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Declining premium rates, falling payrolls, rock-bottom interest rates and uncertainty surrounding workplace coronavirus-related claims complicated mid-year workers compensation renewals, experts say.
Workers comp insurers, who have seen rates fall for several years, are wrestling with various state COVID-19 presumption laws as they strive to predict claims trends for the remainder of 2020 and into next year, experts say.
At the beginning of 2020, workers compensation continued to be an “incredibly historically profitable line of business” for insurers, said Mark Moitoso, Atlanta-based head of risk practices for Lockton Cos. LLC.
With rates hardening in other property/casualty lines, workers comp “has been one of the basic saving graces for our clients,” he said.
The onset of the COVID-19 pandemic and uncertainty over how it will affect the comp market has affected renewals, said Debbie Michel, Boston-based executive vice president and general manager of risk management at Liberty Mutual Insurance Co.
“Exposures are anticipated on an aggregated basis to be negative through the course of the renewal cycle, which will obviously impact and impair premiums,” Mr. Moitoso said.
“What is ultimately going to be the severity of (COVID-19) claims is going to truly tell the financial burden that COVID has brought on workers comp. It’s very early to know the true financial consequences and the depth of the disease.”
Insurers are more cautious and conservative with underwriting health care and customer-facing businesses and those located in states that have expanded workers comp for COVID-19 exposures, Ms. Michel said.
In May, California Gov. Gavin Newsom issued an executive order extending workers compensation to nearly 6.8 million workers in 16 industries who may contract COVID-19 on the job. Illinois Gov. J.B. Pritzker signed into law in June a similar COVID-19 workers compensation expansion.
“Especially on new business, we’re being a little more cautious in those states,” Ms. Michel said. “On renewals, we’re doing our best to work with clients and doing our best to continue to provide coverage.”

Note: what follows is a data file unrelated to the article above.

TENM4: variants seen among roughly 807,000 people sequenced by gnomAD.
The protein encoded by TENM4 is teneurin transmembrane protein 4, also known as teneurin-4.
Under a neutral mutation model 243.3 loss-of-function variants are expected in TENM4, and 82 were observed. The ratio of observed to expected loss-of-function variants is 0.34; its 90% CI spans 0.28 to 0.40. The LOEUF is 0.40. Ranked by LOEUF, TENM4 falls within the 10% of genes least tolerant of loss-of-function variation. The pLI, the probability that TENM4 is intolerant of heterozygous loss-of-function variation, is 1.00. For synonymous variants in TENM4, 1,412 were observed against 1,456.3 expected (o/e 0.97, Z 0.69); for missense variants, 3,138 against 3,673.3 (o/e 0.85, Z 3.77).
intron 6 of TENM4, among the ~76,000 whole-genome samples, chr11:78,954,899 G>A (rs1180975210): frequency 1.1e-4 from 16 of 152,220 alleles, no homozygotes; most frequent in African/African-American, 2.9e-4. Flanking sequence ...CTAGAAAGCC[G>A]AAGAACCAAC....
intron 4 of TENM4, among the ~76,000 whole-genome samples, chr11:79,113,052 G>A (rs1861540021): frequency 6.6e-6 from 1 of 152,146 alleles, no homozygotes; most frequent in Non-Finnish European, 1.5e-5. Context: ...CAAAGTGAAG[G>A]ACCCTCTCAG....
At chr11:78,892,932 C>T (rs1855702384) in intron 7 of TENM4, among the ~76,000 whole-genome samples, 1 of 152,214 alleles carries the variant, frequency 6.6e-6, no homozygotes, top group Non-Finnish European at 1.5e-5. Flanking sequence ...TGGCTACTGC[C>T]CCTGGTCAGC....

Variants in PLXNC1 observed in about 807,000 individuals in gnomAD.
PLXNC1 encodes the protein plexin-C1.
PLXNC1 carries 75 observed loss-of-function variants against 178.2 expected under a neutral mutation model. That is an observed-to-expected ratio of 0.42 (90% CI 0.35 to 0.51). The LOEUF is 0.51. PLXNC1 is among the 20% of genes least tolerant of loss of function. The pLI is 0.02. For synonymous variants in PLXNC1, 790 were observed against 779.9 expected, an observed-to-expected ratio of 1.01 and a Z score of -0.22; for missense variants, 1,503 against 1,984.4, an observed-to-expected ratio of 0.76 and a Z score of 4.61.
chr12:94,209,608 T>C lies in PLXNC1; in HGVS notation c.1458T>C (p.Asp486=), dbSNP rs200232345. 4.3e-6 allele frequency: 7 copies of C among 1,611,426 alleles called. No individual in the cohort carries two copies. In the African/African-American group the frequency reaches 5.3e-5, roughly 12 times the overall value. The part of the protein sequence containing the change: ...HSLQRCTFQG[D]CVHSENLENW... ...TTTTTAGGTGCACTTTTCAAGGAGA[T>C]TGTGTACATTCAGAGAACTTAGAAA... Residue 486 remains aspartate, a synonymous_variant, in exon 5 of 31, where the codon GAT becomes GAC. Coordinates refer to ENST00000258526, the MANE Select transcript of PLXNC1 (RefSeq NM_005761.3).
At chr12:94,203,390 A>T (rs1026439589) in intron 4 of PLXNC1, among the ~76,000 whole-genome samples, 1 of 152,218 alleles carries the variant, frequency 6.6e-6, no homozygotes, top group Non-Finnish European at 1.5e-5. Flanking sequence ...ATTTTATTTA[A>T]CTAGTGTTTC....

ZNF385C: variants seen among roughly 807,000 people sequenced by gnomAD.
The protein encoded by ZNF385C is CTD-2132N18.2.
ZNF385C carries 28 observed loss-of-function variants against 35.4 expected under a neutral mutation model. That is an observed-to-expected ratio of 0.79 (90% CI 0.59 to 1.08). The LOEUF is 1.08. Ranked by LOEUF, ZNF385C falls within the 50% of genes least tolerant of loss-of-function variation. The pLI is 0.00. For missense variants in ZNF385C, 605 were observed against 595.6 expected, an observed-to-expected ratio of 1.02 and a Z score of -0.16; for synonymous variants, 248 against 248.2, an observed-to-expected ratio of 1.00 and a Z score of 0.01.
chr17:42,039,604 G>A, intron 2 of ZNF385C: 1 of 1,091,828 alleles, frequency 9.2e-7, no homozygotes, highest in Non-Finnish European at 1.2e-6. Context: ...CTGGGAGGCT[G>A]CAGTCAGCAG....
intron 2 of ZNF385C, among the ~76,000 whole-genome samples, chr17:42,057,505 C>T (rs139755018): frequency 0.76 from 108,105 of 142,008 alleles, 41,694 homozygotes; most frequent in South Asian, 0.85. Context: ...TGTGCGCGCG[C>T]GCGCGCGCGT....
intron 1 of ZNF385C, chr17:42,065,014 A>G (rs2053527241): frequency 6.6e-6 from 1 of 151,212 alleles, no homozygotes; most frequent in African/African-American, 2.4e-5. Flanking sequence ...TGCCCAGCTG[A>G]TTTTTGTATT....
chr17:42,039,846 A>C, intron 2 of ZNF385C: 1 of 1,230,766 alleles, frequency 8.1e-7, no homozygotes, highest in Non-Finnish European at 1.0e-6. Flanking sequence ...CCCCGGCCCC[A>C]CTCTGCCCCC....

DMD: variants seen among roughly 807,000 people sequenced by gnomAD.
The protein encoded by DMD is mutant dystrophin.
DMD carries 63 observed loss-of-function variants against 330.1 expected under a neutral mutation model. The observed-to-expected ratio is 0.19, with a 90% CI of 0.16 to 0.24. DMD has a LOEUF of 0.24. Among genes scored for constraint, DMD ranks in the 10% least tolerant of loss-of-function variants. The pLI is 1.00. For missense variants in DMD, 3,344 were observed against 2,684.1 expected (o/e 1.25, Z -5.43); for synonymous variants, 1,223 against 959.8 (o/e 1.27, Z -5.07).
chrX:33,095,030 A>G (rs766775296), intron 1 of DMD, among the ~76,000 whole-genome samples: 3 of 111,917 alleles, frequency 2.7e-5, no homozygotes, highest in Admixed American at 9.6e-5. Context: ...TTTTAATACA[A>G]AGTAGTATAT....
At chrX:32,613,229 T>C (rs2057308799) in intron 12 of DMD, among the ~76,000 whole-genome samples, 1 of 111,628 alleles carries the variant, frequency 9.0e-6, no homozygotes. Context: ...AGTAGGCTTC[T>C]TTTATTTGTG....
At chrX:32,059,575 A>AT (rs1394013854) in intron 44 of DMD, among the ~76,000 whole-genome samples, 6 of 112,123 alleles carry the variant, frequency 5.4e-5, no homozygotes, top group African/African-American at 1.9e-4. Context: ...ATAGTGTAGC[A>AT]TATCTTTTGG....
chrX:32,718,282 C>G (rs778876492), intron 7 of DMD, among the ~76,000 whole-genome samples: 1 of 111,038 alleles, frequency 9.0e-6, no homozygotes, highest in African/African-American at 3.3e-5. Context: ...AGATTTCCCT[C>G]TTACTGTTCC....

The State Compensation Insurance Fund based in Pleasanton, California, announced ahead of California’s executive order that it would presume that essential workers who contracted COVID-19 did so on the job. As of late June, the State Fund had covered 239 COVID-19 workers compensation claims. The only claims the insurer denied were for workers who tested negative for coronavirus, according to a spokesman. Workers compensation claims are down overall compared with last year, he said.
“The compensability presumptions have been causing carriers to do a fair amount of analysis of their own book in terms of how they feel it’s going to impact them,” said Matt Zender, Las Vegas-based senior vice president of workers compensation strategy at AmTrust Financial Services Inc. “In some cases, it’s causing the carriers to feel that the COVID presumption is, in fact, a rate event.”
With the questions around COVID-19, helping clients accurately budget and forecast expenses for the remainder of the year and into 2021 presented a new mid-year renewal challenge, said Mike Hessling, CEO North America of Gallagher Bassett Services Inc. in Rolling Meadows, Illinois.
“What we’ve done, by industry, is attempt to forecast what we think the impact of the pandemic is likely to have on claim volumes and workers compensation … and flow those through to our projections,” Mr. Hessling said. “We are starting to see some recovery in claim volume. But on a year-over-year basis, you can certainly see the impact from the pandemic.”
While the comp sector will likely continue to see premium contraction in 2020 because of falling payrolls due to pandemic-related layoffs and furloughs, Mr. Moitoso said, the double-digit price drops the comp industry has seen in the past few years are decelerating.
Workers comp rates will likely be flat or tick up slightly in the next few quarters, but “pricing pressures are going to be an issue,” said Steve Guijarro, New York-based director at S&P Global Ratings.
Other changes in 2020 include the addition of work-from-home class codes in several states — either temporary or permanent — that may affect premium, as well as the drop in exposure from payroll shifts, Mr. Zender said.
“It’s going to take an underwriter more intellectual bandwidth perhaps than they’ve had to use in the past to make determinations … (on) how risks fit on the spectrum from good to bad,” he said. “The ones who spend time to think about it will find the ability to really thrive.”
“Very low” investment returns on reserves is another challenge for the industry, Mr. Guijarro said.
“That’s a big component of how (the industry) manages reserves, especially for a longer-tail market like workers comp,” he said.
Substantial COVID-19 losses would likely “continue to put pressure on rates in the comp environment,” Ms. Michel said. “With interest rates at all-time lows, there’s a need for more dollars coming from premium than investment income.”
More insurance and workers compensation news on the coronavirus crisis here.